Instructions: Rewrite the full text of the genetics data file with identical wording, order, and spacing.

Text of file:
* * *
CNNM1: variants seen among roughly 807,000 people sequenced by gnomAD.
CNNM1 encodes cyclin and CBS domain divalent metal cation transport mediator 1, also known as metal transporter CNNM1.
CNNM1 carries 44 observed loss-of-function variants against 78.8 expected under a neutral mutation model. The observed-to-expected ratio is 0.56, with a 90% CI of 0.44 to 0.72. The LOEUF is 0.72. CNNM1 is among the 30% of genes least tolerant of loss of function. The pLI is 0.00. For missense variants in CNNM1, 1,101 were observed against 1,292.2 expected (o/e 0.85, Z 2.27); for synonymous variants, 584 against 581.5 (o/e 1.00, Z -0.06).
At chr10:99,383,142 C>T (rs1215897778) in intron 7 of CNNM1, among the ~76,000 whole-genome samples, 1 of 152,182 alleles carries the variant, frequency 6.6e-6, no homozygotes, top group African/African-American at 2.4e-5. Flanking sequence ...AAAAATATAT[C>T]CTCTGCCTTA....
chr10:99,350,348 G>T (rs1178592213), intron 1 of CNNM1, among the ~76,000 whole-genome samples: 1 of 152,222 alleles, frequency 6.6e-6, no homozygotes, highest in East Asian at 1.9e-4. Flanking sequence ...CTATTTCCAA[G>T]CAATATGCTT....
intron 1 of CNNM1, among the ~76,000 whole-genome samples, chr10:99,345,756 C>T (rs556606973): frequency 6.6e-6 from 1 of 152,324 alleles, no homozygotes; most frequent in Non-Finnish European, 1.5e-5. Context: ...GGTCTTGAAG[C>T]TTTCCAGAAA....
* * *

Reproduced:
CNNM1: variants seen among roughly 807,000 people sequenced by gnomAD.
CNNM1 encodes cyclin and CBS domain divalent metal cation transport mediator 1, also known as metal transporter CNNM1.
CNNM1 carries 44 observed loss-of-function variants against 78.8 expected under a neutral mutation model. The observed-to-expected ratio is 0.56, with a 90% CI of 0.44 to 0.72. The LOEUF is 0.72. CNNM1 is among the 30% of genes least tolerant of loss of function. The pLI is 0.00. For missense variants in CNNM1, 1,101 were observed against 1,292.2 expected (o/e 0.85, Z 2.27); for synonymous variants, 584 against 581.5 (o/e 1.00, Z -0.06).
At chr10:99,383,142 C>T (rs1215897778) in intron 7 of CNNM1, among the ~76,000 whole-genome samples, 1 of 152,182 alleles carries the variant, frequency 6.6e-6, no homozygotes, top group African/African-American at 2.4e-5. Flanking sequence ...AAAAATATAT[C>T]CTCTGCCTTA....
chr10:99,350,348 G>T (rs1178592213), intron 1 of CNNM1, among the ~76,000 whole-genome samples: 1 of 152,222 alleles, frequency 6.6e-6, no homozygotes, highest in East Asian at 1.9e-4. Flanking sequence ...CTATTTCCAA[G>T]CAATATGCTT....
intron 1 of CNNM1, among the ~76,000 whole-genome samples, chr10:99,345,756 C>T (rs556606973): frequency 6.6e-6 from 1 of 152,324 alleles, no homozygotes; most frequent in Non-Finnish European, 1.5e-5. Context: ...GGTCTTGAAG[C>T]TTTCCAGAAA....